British Airways (BA) is calling for more females to get onboard its engineering apprenticeship schemes.
With only 8% of the airline's engineering workforce represented by women, BA is keen to tackle the issue and is urging people to sign up to one of its programmes during national apprenticeship week.
Currently the carrier has spaces for more than 80 apprentices to join two of its three engineering programmes - Aircraft Maintenance and Aircraft Appearance.
Both schemes are open to applicants until the end of March.
A third engineering scheme, Business and Administration is due to open to applicants later in the year.
Callan Whitehead, Heathrow-based aircraft mechanic and past winner of BA Apprentice of the Year, has not looked back since completing her engineering apprenticeship with the airline in 2013.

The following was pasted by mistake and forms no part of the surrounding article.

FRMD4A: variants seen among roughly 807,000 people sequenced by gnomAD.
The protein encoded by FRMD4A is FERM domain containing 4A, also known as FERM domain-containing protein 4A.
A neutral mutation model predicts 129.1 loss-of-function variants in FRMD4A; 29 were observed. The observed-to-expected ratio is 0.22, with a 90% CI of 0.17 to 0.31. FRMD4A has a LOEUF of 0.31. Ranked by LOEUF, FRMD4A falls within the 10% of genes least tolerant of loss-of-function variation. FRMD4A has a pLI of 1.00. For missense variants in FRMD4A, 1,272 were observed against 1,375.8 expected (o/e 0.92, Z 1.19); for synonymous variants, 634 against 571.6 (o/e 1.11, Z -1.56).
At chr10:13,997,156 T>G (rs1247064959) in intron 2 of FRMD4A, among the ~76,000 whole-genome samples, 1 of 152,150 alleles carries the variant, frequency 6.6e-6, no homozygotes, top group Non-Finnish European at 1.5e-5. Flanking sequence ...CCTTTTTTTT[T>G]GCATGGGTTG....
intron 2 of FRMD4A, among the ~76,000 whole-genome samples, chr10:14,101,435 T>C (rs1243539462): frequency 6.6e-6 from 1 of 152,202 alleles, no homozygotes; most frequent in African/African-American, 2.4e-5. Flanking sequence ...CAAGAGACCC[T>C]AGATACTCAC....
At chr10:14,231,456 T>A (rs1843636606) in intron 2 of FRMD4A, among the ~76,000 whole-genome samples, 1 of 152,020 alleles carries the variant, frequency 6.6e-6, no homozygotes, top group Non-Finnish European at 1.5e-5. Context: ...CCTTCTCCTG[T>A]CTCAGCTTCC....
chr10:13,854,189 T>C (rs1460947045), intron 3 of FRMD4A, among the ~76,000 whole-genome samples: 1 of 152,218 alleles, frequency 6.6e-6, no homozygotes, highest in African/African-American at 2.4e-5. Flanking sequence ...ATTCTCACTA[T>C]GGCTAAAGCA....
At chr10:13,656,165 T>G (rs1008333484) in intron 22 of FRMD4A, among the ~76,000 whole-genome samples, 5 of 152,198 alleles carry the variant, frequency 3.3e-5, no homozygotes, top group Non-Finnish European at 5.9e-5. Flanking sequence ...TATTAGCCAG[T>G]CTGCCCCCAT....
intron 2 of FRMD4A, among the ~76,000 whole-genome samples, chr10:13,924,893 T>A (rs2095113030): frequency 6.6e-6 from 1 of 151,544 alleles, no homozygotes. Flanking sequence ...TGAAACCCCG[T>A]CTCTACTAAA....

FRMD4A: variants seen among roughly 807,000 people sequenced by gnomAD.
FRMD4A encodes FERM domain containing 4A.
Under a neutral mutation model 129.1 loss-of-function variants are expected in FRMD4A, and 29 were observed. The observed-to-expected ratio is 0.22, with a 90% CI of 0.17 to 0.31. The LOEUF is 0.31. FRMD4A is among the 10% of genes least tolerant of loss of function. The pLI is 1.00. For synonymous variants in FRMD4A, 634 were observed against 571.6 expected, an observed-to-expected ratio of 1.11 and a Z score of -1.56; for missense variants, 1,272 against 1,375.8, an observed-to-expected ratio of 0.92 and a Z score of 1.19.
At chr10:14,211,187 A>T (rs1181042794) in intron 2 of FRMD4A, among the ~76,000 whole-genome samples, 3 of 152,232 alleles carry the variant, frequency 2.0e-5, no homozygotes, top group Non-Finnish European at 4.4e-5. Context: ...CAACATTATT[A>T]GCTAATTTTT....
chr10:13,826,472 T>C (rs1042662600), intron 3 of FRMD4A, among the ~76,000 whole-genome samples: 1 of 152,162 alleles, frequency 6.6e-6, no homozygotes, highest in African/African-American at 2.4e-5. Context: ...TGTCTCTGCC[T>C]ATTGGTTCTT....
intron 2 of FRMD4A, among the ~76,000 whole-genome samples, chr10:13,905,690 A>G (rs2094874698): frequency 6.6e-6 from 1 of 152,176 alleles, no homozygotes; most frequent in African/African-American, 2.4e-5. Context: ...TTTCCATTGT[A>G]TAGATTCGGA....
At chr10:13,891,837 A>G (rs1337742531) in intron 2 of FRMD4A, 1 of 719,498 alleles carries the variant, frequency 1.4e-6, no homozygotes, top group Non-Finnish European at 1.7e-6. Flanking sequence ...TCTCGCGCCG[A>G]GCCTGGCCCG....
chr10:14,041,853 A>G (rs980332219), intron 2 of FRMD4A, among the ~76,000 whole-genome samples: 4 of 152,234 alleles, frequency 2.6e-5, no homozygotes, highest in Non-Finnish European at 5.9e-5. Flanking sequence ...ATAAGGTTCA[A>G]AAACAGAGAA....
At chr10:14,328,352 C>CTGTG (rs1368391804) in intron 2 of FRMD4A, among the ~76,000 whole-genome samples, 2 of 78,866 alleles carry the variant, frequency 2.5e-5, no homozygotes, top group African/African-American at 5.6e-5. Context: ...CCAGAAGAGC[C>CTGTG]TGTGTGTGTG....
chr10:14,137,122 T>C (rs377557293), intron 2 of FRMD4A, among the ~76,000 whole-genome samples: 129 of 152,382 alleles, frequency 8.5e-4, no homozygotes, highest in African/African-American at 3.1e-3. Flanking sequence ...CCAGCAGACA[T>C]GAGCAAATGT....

Ms Whitehead said: “I love my job because of the new challenges and variety I experience every day.
"My day to day role involves working to fix issues with aircraft that the pilots have informed us of.
"I get great satisfaction from working with others to find solutions.
"I would recommend going down the apprentice route as you get to learn new skills and gain qualifications while getting paid.”
Last year, the airline employed 175 apprentices to its 12 apprenticeship schemes across the business from head office and operations, to IT, finance and project management.
Joanna James, BA's head of cabin maintenance, said: “While the lack of female engineers is a nationwide issue, we’re keen to start highlighting the benefits of this career to girls. "Engineering is an excellent profession with great potential for progression and diversification and I would encourage all school leavers, both male and female, to carefully consider it as an option.
"An apprenticeship is a great way to get a foothold in a company and learn the tools of the trade while earning a salary.”